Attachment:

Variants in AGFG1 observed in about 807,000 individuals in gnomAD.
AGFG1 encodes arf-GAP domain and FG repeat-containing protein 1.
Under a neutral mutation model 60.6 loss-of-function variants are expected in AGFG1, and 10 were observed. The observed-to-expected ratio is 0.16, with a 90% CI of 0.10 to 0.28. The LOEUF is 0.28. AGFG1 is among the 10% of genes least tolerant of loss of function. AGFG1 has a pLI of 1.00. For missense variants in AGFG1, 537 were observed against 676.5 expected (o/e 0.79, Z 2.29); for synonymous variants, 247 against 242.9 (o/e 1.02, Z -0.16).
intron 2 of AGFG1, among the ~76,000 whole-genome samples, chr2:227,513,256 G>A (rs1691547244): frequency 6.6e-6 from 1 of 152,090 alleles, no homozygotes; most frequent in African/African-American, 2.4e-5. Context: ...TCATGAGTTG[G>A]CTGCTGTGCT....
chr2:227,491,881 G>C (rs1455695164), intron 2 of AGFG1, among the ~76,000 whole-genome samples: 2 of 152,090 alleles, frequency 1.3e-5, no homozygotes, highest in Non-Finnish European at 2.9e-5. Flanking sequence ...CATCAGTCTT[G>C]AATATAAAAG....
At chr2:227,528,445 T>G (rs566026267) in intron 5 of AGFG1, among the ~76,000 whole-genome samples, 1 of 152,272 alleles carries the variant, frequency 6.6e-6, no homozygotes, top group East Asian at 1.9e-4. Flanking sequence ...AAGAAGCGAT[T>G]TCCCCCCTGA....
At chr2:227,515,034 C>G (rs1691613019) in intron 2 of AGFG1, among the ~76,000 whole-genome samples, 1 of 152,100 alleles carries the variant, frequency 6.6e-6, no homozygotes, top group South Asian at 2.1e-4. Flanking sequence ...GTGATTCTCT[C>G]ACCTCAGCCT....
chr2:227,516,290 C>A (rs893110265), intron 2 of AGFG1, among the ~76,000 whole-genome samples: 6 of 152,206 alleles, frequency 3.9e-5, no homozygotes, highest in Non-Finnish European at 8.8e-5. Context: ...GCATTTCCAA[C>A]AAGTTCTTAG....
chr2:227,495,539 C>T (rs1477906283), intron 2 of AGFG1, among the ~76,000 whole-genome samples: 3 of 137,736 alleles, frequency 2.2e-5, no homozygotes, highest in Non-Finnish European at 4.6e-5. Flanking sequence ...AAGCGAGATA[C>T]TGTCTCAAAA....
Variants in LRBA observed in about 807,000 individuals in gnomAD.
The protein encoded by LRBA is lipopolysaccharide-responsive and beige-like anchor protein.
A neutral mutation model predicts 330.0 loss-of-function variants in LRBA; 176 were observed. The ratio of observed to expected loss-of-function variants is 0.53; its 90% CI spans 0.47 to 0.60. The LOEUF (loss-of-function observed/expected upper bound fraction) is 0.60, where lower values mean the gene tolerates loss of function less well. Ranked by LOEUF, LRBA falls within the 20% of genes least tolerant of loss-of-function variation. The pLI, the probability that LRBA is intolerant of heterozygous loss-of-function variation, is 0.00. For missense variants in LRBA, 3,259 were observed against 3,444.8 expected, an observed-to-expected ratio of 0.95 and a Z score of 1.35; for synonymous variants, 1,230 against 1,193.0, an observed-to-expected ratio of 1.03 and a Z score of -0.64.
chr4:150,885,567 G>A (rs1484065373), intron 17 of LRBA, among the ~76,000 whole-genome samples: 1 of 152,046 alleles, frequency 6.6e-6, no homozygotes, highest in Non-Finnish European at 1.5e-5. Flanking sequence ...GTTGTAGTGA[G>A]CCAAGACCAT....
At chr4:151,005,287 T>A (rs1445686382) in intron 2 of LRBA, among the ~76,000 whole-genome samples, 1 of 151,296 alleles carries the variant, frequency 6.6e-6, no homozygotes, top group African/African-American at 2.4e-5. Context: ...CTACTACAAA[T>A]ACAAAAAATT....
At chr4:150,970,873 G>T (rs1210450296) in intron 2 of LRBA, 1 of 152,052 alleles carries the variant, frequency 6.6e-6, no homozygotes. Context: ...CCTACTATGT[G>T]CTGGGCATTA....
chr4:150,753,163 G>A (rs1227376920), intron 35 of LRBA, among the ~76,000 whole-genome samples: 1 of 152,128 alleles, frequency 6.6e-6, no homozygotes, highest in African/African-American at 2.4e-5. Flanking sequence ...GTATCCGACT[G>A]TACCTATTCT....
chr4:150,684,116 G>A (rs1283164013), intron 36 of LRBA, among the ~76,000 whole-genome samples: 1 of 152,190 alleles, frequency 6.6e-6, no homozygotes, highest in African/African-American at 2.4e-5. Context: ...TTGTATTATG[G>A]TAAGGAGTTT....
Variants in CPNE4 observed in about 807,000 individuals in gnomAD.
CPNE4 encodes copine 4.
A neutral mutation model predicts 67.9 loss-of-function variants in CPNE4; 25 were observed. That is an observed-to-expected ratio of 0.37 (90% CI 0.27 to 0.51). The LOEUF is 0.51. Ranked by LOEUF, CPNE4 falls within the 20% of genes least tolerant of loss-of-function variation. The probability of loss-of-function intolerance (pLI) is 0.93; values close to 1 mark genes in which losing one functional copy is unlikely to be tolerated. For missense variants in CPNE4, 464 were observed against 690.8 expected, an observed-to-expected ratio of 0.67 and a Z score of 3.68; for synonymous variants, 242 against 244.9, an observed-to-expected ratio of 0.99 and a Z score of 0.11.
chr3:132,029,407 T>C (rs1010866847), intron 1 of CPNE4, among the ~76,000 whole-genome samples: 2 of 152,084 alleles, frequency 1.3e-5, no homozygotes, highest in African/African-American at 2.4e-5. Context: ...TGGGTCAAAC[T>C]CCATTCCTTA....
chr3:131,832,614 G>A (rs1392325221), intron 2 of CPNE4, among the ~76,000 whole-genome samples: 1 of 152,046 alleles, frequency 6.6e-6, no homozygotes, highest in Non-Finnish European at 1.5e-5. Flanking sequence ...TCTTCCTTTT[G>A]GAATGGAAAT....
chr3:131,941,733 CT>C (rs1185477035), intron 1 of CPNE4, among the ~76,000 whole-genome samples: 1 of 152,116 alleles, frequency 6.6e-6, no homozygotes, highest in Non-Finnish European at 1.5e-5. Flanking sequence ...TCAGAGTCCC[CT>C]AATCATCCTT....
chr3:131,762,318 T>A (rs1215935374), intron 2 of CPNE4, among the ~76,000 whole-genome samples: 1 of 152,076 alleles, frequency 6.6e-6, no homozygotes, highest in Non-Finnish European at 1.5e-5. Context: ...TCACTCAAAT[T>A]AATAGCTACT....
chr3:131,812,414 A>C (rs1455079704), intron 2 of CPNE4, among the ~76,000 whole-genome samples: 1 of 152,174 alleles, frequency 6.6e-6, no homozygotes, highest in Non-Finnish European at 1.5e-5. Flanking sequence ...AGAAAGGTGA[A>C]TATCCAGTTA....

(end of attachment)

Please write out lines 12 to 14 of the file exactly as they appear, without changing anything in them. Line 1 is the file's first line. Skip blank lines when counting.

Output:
A neutral mutation model predicts 330.0 loss-of-function variants in LRBA; 176 were observed. The ratio of observed to expected loss-of-function variants is 0.53; its 90% CI spans 0.47 to 0.60. The LOEUF (loss-of-function observed/expected upper bound fraction) is 0.60, where lower values mean the gene tolerates loss of function less well. Ranked by LOEUF, LRBA falls within the 20% of genes least tolerant of loss-of-function variation. The pLI, the probability that LRBA is intolerant of heterozygous loss-of-function variation, is 0.00. For missense variants in LRBA, 3,259 were observed against 3,444.8 expected, an observed-to-expected ratio of 0.95 and a Z score of 1.35; for synonymous variants, 1,230 against 1,193.0, an observed-to-expected ratio of 1.03 and a Z score of -0.64.
chr4:150,885,567 G>A (rs1484065373), intron 17 of LRBA, among the ~76,000 whole-genome samples: 1 of 152,046 alleles, frequency 6.6e-6, no homozygotes, highest in Non-Finnish European at 1.5e-5. Flanking sequence ...GTTGTAGTGA[G>A]CCAAGACCAT....
At chr4:151,005,287 T>A (rs1445686382) in intron 2 of LRBA, among the ~76,000 whole-genome samples, 1 of 151,296 alleles carries the variant, frequency 6.6e-6, no homozygotes, top group African/African-American at 2.4e-5. Context: ...CTACTACAAA[T>A]ACAAAAAATT....